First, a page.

Despite the claims of Joe Rogan and Donald Trump supporters, studies show that the antiparasitic drug doesn't reduce the risk of COVID-19 hospitalizations.
A fake "miracle drug"
Ivermectin is believed by many to be a treatment against COVID-19, but study after study has found otherwise -- and according to an investigation, the few studies that do advocate its use contain serious errors. Now, a study from Brazil adds to the evidence against the use of ivermectin versus COVID-19.
The study looked at more than 1,300 people infected with the virus. A double-blind, randomized trial was carried out -- in other words, the participants were randomized into two groups, some received a placebo and some received ivermectin, but neither the patients nor the doctors knew who was in what group until the end of the study. This was done to control the effects of placebo and prevent biases coming from the expectations of patients, a hallmark of quality studies.
The results showed that taking the antiparasitic drug does nothing to prevent hospitalizations.
"Treatment with ivermectin did not result in a lower incidence of medical admission to a hospital due to progression of COVID-19 or of prolonged emergency department observation among outpatients with an early diagnosis of COVID-19," the researchers conclude in the study.
To put it another way, there was no significant difference between ivermectin and placebo.
"We did not find a significantly or clinically meaningful lower risk of medical admission to a hospital or prolonged emergency department observation (primary composite outcome) with ivermectin administered for 3 days at a dose of 400 μg per kilogram per day than with placebo," the researchers also explain.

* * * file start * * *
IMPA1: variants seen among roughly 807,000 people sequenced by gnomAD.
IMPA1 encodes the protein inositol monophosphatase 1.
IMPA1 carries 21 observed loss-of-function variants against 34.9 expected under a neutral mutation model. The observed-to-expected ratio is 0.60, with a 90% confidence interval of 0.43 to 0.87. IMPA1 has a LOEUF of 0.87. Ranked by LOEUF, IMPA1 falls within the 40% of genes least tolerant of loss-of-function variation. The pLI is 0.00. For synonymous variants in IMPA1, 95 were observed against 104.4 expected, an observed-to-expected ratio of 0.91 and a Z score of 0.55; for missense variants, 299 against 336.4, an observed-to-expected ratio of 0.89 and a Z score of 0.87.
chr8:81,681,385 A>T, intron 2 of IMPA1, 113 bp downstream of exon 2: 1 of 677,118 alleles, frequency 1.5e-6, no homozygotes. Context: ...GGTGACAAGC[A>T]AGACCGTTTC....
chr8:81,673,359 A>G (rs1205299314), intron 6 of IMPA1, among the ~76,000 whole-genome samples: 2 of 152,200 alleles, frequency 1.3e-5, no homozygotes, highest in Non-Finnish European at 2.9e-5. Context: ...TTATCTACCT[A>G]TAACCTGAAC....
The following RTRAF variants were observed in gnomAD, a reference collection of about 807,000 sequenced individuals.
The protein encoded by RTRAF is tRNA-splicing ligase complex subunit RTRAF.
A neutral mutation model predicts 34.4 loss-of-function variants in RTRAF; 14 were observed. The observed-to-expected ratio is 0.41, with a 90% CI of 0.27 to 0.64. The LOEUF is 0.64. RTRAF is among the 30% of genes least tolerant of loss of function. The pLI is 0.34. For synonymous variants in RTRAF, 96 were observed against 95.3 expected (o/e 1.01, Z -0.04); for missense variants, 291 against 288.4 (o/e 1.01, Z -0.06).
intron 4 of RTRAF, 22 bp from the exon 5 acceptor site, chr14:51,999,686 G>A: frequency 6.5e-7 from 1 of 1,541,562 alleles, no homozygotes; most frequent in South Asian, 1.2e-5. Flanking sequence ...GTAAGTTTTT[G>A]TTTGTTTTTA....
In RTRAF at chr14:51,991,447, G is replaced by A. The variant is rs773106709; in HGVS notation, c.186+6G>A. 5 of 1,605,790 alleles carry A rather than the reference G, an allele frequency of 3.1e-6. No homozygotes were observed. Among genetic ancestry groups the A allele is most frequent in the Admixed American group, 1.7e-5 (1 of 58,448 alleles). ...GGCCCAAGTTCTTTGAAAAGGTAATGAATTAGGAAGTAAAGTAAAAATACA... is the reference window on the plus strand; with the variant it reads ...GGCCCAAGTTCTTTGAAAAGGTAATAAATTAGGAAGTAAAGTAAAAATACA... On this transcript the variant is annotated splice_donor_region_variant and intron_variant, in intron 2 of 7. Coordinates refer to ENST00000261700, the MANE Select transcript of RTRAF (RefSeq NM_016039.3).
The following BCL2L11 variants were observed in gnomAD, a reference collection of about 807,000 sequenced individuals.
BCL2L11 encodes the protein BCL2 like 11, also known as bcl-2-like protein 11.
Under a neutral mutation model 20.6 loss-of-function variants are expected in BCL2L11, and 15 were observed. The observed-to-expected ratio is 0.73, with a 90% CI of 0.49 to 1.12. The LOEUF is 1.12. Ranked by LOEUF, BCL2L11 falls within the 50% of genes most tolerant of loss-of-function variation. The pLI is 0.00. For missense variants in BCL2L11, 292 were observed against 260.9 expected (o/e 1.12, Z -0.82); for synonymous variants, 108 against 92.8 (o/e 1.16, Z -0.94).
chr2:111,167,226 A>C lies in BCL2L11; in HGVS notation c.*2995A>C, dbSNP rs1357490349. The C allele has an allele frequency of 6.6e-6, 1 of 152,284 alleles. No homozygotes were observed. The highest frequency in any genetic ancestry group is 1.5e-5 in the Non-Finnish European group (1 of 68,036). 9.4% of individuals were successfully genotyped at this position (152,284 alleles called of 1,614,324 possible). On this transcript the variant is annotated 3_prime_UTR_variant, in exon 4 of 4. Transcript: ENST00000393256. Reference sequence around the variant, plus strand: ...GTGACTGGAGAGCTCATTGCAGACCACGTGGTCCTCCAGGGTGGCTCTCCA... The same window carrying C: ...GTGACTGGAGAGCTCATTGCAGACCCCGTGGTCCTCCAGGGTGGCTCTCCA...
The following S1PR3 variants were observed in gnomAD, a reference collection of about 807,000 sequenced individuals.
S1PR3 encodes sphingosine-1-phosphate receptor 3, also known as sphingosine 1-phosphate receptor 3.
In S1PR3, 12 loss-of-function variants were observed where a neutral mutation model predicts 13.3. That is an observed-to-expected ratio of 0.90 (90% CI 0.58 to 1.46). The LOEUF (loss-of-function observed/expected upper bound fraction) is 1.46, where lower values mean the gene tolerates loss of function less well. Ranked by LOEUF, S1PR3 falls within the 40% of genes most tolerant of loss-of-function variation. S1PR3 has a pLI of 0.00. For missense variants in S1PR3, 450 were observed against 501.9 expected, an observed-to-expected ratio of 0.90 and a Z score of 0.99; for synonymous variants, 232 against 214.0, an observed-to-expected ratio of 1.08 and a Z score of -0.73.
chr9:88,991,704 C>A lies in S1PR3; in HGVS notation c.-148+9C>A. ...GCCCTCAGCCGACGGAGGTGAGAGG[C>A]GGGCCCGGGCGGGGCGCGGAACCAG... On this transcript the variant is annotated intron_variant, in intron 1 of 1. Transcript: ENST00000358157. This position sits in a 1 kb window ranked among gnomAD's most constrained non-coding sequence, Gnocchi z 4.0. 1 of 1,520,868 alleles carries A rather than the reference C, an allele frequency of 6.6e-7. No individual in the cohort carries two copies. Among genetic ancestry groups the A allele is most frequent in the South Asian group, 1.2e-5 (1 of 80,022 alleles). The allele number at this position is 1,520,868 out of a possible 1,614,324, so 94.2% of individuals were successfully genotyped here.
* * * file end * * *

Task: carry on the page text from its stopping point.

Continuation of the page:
A waste of resources to keep trying
As the NYT quoted Paul Sax, an infectious disease expert at Brigham and Women’s Hospital in Boston, continuing to carry out ivermectin trials is looking more and more like a waste of time and resources.
"I welcome the results of the other clinical trials and will view them with an open mind, but at some point, it will become a waste of resources to continue studying an unpromising approach," the researcher told NYT.
In the earliest days of the pandemic, people were trying out a lot of potential treatments against a novel coronavirus that was sweeping the world. Among the many potential treatments that were peddled, ivermectin (commonly used as a horse dewormer) stood out -- not necessarily because it appeared particularly promising in treating COVID-19, but because it received almost a cult following. While scientists remained very skeptical about its potential use, misinformation flowed and some groups embraced the drug even with lackluster evidence.
Anti-vaccine groups in particular embraced the drug, and it essentially became more a political debate rather than a scientific one. Joe Rogan also famously popularized the drug, implementing it in his "kitchen sink" approach that included monoclonal antibodies, prednisone, and a Z-pack.
Initially, ivermectin was noted as a potential treatment by lab studies. From the very start, some researchers pointed out that this only worked because of the high concentrations of the drug -- far beyond what is safe for humans. A lot of drugs kill a lot of viruses in the lab, but doing so in the human body is a completely different matter. Some doctors even started prescribing ivermectin for COVID-19, despite warnings from the FDA and almost every regulatory body in the world.
Some quick, small studies also claimed to show some benefits of the drug in combating COVID-19, but several studies were found to be based on fabricated data or flawed analysis -- while the reliable, randomized studies showed no benefits of ivermectin.
When Andrew Hill, a virologist at the University of Liverpool in England, carried out a review of existing studies on ivermectin vs COVID-19, he initially concluded that the drug seems to have the potential to help against the disease. But many other researchers pointed out that his review was based on faulty studies, and Hill retracted his original study and carried out a new review, which concluded that "the results suggest that the significant effect of ivermectin on survival was dependent on largely poor-quality studies."
Thankfully, we're much better prepared for the virus now than we were one or two years ago. We have a bunch of working, effective, and safe vaccines, and we even have several real treatments.
The study was published in the New England Journal of Medicine.